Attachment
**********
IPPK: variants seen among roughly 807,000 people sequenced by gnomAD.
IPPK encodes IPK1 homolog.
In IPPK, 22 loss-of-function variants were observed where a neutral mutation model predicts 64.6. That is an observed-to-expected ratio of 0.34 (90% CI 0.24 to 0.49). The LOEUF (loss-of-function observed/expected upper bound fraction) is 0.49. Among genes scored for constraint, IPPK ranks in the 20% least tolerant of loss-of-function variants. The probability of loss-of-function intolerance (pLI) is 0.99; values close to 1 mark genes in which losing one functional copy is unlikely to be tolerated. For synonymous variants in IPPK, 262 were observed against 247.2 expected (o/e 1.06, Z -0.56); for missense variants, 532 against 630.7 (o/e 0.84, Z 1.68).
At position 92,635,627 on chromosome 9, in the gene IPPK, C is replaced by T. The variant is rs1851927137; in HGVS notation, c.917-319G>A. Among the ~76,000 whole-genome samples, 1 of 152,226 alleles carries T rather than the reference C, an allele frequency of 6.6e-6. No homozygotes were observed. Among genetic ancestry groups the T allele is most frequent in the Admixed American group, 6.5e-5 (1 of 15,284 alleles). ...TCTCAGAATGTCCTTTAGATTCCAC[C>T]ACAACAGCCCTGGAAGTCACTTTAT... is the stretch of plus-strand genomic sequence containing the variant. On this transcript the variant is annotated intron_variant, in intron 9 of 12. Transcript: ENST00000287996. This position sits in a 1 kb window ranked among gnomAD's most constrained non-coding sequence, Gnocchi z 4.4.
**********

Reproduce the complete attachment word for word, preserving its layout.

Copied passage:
IPPK: variants seen among roughly 807,000 people sequenced by gnomAD.
IPPK encodes IPK1 homolog.
In IPPK, 22 loss-of-function variants were observed where a neutral mutation model predicts 64.6. That is an observed-to-expected ratio of 0.34 (90% CI 0.24 to 0.49). The LOEUF (loss-of-function observed/expected upper bound fraction) is 0.49. Among genes scored for constraint, IPPK ranks in the 20% least tolerant of loss-of-function variants. The probability of loss-of-function intolerance (pLI) is 0.99; values close to 1 mark genes in which losing one functional copy is unlikely to be tolerated. For synonymous variants in IPPK, 262 were observed against 247.2 expected (o/e 1.06, Z -0.56); for missense variants, 532 against 630.7 (o/e 0.84, Z 1.68).
At position 92,635,627 on chromosome 9, in the gene IPPK, C is replaced by T. The variant is rs1851927137; in HGVS notation, c.917-319G>A. Among the ~76,000 whole-genome samples, 1 of 152,226 alleles carries T rather than the reference C, an allele frequency of 6.6e-6. No homozygotes were observed. Among genetic ancestry groups the T allele is most frequent in the Admixed American group, 6.5e-5 (1 of 15,284 alleles). ...TCTCAGAATGTCCTTTAGATTCCAC[C>T]ACAACAGCCCTGGAAGTCACTTTAT... is the stretch of plus-strand genomic sequence containing the variant. On this transcript the variant is annotated intron_variant, in intron 9 of 12. Transcript: ENST00000287996. This position sits in a 1 kb window ranked among gnomAD's most constrained non-coding sequence, Gnocchi z 4.4.